By AIMEE MURILLO
By STEPHANIE ZACHAREK
By MATT COKER
By AIMEE MURILLO
By AMY NICHOLSON
By JONATHAN KIEFER
By INKOO KANG
A title like Fuck: A Fuckumentary should fill plenty of Edwards Island seats for its April 23 screening as part of the 2006 Newport Beach Film Festival. When enough people discover it's a film with such talking heads as Steven Bochco, Pat Boone, Ben Bradlee, Drew Carey, Chuck D., Billy Connolly, Sam Donaldson, Janeane Garofalo, Ice-T, Ron Jeremy, Alan Keyes, Bill Maher, Dave Marsh, Judith "Miss Manners" Martin, Michael Medved, David Milch, Alanis Morissette, Tera Patrick, Dennis Prager, David Shaw, Kevin Smith and Hunter S. Thompson—in probably his final filmed interview—all coming together to discuss the word fuck, it should be a guaranteed sellout.
But there's oh so much more to Steve Anderson's documentary. Mixing those and other one-on-one interviews with archival footage, man-on-the-streets and clever animation by Bill Plympton, Fuck gets at why fuck has so much power.
Hyperbole? No fucking way, dude. Not when one falsely slipped fuck during a live broadcast can bring down a television network. Not when mommies drive their Voyagers off cliffs upon hearing little Johnny unleash his first fuck from the car seat. Not when the word's long and steady creep into everyday culture has been used by some misguided souls to deny you your constitutional rights.
"A lot of freedoms in this country are being eroded, especially with the FCC and religious right having their way with George Bush in office," says Anderson, who is battling the lingering effects of the flu as he speaks on the phone just before stepping onto a plane for yet another film festival. "Freedom of speech is something that always needs to be debated. If not, it could slip away.
"It's like Lenny Bruce says in the film, that if you can't say fuck, you can't say fuck the government. You can't say fuck George Bush, fuck whatever. It's an opinion we have a right to express, and I don't want to have that right taken away from me."
Just a breezy 93 minutes long, Fuck: A Fuckumentary is every bit as entertaining as it is informative, which is probably why it's already become a proven winner on the film-festival circuit since its November debut.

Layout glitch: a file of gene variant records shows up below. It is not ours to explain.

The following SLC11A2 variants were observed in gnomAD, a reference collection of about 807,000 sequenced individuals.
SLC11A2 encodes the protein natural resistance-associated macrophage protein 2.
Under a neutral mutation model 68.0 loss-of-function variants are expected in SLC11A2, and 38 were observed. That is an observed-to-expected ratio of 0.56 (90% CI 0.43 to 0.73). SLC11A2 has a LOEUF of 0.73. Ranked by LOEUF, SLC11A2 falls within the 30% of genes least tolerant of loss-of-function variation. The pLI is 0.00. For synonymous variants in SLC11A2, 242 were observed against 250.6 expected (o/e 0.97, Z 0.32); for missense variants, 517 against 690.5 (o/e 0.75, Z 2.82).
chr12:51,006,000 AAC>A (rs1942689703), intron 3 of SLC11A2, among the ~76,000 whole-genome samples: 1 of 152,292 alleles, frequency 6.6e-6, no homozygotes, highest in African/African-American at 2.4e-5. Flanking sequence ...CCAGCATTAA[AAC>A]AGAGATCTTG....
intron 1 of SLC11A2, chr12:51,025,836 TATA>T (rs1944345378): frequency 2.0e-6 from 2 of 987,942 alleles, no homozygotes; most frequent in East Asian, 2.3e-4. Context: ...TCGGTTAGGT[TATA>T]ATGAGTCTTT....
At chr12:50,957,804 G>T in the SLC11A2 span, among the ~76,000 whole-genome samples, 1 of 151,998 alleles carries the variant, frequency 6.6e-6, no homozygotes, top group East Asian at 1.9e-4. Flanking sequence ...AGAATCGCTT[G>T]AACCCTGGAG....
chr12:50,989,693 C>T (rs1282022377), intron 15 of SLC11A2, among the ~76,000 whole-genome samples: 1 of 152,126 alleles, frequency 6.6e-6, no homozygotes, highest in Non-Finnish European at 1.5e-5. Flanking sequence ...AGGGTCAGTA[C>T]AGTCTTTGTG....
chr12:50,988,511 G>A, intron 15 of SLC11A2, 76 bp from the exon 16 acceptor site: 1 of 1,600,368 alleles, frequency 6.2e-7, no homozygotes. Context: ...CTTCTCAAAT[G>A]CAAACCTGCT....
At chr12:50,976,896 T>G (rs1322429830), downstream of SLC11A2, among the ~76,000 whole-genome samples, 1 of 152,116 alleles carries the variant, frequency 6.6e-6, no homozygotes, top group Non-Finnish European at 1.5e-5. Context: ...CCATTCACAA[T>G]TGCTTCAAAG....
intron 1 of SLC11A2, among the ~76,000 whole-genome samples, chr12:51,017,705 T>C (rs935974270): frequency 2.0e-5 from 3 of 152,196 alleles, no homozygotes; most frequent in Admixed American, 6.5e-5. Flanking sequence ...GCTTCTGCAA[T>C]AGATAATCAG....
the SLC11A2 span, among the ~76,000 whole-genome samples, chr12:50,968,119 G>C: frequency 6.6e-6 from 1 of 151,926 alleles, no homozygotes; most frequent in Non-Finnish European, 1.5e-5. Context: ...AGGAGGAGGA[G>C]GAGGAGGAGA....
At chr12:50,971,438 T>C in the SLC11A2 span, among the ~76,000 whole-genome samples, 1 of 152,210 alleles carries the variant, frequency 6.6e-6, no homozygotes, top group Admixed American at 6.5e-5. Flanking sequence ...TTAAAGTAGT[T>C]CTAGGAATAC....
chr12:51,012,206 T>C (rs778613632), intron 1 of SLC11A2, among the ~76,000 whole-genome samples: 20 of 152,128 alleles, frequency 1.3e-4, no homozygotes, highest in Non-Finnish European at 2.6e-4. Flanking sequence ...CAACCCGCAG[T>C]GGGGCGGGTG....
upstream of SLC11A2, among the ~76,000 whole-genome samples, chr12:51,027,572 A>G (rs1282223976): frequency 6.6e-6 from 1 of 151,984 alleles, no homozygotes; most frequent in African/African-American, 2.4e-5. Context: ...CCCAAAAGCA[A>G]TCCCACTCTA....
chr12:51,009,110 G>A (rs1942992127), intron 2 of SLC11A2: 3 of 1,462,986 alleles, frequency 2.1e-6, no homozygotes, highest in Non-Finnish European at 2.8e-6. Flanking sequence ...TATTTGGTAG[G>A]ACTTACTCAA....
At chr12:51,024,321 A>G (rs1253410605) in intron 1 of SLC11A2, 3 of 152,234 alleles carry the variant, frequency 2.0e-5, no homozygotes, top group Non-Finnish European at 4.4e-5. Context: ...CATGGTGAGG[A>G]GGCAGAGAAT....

"It caters to them because it's a little edgy, and festivals try to be a little edgy," says Anderson.
Depending on the company you keep, fuck can be part of casual conversation or it can be the ultimate exclamation point to a particularly heated exchange. As the old George Carlin routine went, fuck somehow changed along the way from being solely a crude way to describe sexual intercourse to a synonym for great violence, death even. Of course, Carlin took that notion to far more hilarious extremes, changing a standard line from old TV westerns to, "We're gonna fuck you, sheriff. But we're gonna fuck you slow."
Anderson's film makes similar, seamless shifts from the sexual to the violent and back to the sexual again (and even the violent sexual, as porn star Tera Patrick and her husband, Biohazard singer and Oz star Evan Seinfeld, are only too happy to share while describing their various coital positionings). Perhaps Fuck's greatest public service is dispelling the old wives' tales about the word's origins. Surely you know folks who will swear on a stack of Bibles that fuck is an acronym for Fornication Under Consent of the King or For Unlawful Carnal Knowledge. Not true, not true.
But describing all things fuck over footage and 'toons is one thing. How the hell did Anderson get all these celebrities to appear in his documentary?
First, you have to know more about him. Anderson worked at the PBS station in his native Rochester, New York, for several years, racking up seven national awards for his documentaries. He moved to California about 15 years ago for a more steady paycheck as a CNN cameraman out of the Los Angeles bureau. Anderson sort of specialized in shooting entertainment events for the 24-hour news channel, something that came in handy when he decided a few years ago to chuck his news career for his true love, filmmaking. The contacts he had made helped get his projects launched.
His first indie feature, The Big Empty, starring actor/filmmaker Jon Favreau, didn't lead to a 10-picture deal with Paramount, but it did give him an appreciation for Newport Beach's film festival, which in 2004 bestowed its Outstanding Achievement by a First Time Filmmaker award to Anderson for Empty.
But getting stars onboard for a potboiler set in the desert is one thing.
"Well, we did get quite a bit of people questioning it, honestly," Anderson concedes of the pre-production for Fuck. "Of course, it was called the Untitled F-Word Project a lot of the time, even while we were filming, but we never hid the fact of what it was called." Since his project put so much import on that one word, he says, "it didn't seem honest to call it anything but that."